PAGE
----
While the idol will be invoked at the Fort Vibhaag Sarvajanik Ganesha Utsav, more than one lakh devotees will be educated about the necessity of donating organs to save lives. “When formerCM Vilasrao Deshmukh succumbed to his ailment as he did not receive a healthy liver on time, it set us thinking about the need to raise awareness about organ donation. Close to 15 volunteers will be deployed at the entrance and exit of the pandal to explain to devotees the need to registerfor organ donation,” said Ravindra Surve, secretary of the Fort Vibhaag Sarvajanik Ganesha Utsav.
In addition to going the eco-friendly way, Bal Gopal Mitra Mandal in Vile Parle plans to set up an elaborate concept-driven light and music show to drive home the point that organ donation is an essential duty.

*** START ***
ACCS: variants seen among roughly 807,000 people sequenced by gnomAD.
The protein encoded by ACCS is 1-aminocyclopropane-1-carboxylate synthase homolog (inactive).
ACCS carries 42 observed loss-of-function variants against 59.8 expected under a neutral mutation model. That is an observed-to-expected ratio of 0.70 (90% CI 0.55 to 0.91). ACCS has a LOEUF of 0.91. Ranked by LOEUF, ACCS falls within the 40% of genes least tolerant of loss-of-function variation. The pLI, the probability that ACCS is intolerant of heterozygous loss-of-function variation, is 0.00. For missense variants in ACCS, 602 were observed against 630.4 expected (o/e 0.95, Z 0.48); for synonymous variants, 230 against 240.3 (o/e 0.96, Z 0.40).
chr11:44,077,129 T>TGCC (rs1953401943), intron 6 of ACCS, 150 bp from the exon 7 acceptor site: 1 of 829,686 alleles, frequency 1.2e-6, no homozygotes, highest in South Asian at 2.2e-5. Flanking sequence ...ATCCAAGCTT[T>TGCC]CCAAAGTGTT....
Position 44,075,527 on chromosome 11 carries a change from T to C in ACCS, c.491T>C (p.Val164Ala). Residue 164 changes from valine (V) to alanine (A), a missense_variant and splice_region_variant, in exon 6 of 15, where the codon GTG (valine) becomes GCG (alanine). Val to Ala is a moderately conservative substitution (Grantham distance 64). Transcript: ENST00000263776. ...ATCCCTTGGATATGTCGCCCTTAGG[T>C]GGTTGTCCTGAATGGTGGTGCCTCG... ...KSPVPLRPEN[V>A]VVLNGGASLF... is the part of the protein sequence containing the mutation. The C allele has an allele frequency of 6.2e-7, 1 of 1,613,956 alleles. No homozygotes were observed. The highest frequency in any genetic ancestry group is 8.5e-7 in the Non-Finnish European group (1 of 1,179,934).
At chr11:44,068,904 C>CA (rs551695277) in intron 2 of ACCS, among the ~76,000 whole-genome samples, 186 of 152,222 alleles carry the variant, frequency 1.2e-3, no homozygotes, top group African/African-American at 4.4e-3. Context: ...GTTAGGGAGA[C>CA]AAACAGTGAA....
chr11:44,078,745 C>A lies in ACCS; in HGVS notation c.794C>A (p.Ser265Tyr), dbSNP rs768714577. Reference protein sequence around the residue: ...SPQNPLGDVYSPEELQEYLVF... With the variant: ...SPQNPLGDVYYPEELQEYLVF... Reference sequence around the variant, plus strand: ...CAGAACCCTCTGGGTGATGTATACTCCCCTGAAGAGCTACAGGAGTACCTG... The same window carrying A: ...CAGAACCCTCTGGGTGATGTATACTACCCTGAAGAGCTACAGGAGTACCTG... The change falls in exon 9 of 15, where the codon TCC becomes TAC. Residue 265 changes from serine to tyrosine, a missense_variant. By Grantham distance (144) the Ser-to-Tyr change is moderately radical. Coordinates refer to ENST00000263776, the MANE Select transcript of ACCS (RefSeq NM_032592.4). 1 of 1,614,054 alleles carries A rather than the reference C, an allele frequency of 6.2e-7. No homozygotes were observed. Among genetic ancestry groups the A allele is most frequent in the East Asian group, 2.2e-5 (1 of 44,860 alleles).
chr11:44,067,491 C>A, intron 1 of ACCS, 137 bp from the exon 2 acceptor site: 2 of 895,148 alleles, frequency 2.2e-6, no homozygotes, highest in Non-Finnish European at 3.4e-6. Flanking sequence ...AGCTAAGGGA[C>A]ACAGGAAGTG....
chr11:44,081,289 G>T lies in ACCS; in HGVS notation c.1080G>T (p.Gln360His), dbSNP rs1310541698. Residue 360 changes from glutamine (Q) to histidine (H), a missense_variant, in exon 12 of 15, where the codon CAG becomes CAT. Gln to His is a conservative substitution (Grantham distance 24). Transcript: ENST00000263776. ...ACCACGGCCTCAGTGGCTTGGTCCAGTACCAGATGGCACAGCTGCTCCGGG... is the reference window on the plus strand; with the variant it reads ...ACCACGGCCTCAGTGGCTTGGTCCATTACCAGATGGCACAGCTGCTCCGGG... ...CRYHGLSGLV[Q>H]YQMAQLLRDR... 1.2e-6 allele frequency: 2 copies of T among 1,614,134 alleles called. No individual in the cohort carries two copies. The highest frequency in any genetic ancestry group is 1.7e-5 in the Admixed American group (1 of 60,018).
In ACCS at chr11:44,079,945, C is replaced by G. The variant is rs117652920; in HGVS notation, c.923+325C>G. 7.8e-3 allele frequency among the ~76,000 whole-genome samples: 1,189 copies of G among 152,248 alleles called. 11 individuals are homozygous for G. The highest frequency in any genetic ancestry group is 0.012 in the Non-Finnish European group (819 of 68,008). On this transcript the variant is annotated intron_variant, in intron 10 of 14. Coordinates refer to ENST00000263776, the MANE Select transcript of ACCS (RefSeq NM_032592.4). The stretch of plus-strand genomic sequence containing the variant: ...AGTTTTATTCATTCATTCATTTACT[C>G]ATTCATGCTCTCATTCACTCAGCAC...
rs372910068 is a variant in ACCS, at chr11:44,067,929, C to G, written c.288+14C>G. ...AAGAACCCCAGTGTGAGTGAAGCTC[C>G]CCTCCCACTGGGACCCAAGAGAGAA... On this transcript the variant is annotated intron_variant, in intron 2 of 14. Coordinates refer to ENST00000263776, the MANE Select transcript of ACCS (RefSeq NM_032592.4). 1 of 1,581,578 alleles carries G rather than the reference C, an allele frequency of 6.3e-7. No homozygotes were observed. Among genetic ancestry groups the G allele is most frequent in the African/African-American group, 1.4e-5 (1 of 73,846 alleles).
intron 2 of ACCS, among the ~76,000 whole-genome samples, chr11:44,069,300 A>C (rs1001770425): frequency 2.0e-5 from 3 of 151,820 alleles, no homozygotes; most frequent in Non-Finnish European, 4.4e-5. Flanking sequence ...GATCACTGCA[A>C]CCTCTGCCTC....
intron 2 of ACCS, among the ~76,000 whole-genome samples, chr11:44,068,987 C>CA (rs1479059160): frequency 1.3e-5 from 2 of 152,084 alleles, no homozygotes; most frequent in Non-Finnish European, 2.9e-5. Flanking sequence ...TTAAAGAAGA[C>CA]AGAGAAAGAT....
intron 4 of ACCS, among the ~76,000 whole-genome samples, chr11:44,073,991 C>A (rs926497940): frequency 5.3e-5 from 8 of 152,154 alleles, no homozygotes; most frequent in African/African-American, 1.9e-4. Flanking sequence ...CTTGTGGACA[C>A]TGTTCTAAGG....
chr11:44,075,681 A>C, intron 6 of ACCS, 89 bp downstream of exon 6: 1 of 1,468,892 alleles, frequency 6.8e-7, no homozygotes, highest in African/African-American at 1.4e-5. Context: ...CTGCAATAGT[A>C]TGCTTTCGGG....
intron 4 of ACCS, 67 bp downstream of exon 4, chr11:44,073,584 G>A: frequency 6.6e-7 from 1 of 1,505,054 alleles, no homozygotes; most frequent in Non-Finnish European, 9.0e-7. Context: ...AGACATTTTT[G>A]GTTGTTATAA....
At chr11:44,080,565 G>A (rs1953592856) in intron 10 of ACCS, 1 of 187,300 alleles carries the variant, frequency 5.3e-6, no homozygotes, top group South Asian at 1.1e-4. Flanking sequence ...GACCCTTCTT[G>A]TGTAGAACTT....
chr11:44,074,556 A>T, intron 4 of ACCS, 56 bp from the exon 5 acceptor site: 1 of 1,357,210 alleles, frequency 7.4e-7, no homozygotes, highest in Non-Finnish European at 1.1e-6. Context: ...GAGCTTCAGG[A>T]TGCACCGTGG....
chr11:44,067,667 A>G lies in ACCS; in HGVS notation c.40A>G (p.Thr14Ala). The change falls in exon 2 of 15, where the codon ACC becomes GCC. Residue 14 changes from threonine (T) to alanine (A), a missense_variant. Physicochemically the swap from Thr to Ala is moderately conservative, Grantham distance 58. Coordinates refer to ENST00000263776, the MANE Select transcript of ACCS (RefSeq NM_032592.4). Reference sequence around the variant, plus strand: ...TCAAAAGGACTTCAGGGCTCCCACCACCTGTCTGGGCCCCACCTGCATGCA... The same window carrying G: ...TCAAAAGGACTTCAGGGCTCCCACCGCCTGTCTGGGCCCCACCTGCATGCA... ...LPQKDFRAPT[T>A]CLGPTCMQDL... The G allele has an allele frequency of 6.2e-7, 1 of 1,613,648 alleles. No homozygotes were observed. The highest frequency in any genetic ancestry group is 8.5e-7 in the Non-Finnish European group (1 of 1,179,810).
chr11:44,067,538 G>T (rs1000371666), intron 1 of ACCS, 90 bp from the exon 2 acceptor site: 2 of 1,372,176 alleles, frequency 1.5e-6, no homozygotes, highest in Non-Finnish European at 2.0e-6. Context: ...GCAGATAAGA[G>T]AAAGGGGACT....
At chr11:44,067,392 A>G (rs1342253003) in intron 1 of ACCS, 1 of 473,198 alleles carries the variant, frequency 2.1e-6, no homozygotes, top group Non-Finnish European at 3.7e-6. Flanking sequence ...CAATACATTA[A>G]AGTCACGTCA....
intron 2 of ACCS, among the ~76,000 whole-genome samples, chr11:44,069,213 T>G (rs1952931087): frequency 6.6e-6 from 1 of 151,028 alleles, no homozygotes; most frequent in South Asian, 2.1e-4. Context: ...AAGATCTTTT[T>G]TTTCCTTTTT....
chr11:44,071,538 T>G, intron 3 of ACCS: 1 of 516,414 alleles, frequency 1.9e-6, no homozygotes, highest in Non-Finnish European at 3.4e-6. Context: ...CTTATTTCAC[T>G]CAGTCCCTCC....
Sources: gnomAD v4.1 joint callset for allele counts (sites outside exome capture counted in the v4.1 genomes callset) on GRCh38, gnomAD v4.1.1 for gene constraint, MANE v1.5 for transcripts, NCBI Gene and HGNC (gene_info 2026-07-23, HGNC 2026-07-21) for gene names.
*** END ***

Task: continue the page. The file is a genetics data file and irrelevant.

“Setting up a theme of organ donation is like a feather in the cap for our pandal, which has created a 14ft eco-friendly idol out of tissue paper. A 15-minute show will enlighten devotees of the procedure of organ donation in the pandal,” said Vijay Kumar, the mandal’s secretary.
This year, Parsiwadi Sarvajanik Mandal in Ghatkopar will screen a six-minute animation film, along with offering darshan of the lord in the pandal.
“We have sought help from the Zonal Transplant Co-ordination Centre in the state to distribute donor cards, which we will convince every devotee to keep in their wallet. The card shows the consent of the person to donate organs after death,” said Pradip Pandey, secretary of the mandal.
Ganesh Chaturthi is a popular festival celebrated in India. The 10-day long celebration includes decorating Ganesha idols at home, making and enjoying mouth-watering delicacies and of course, music, lights and immersion of the idol on the last day. However, as we celebrate Ganpati, we often forget how small things we do during the festival can cause harm to the environment. This year, we believe it’s time for some eco-consciousness. So here are some simple ways to celebrate Ganesh Chaturthi in an eco-friendly way.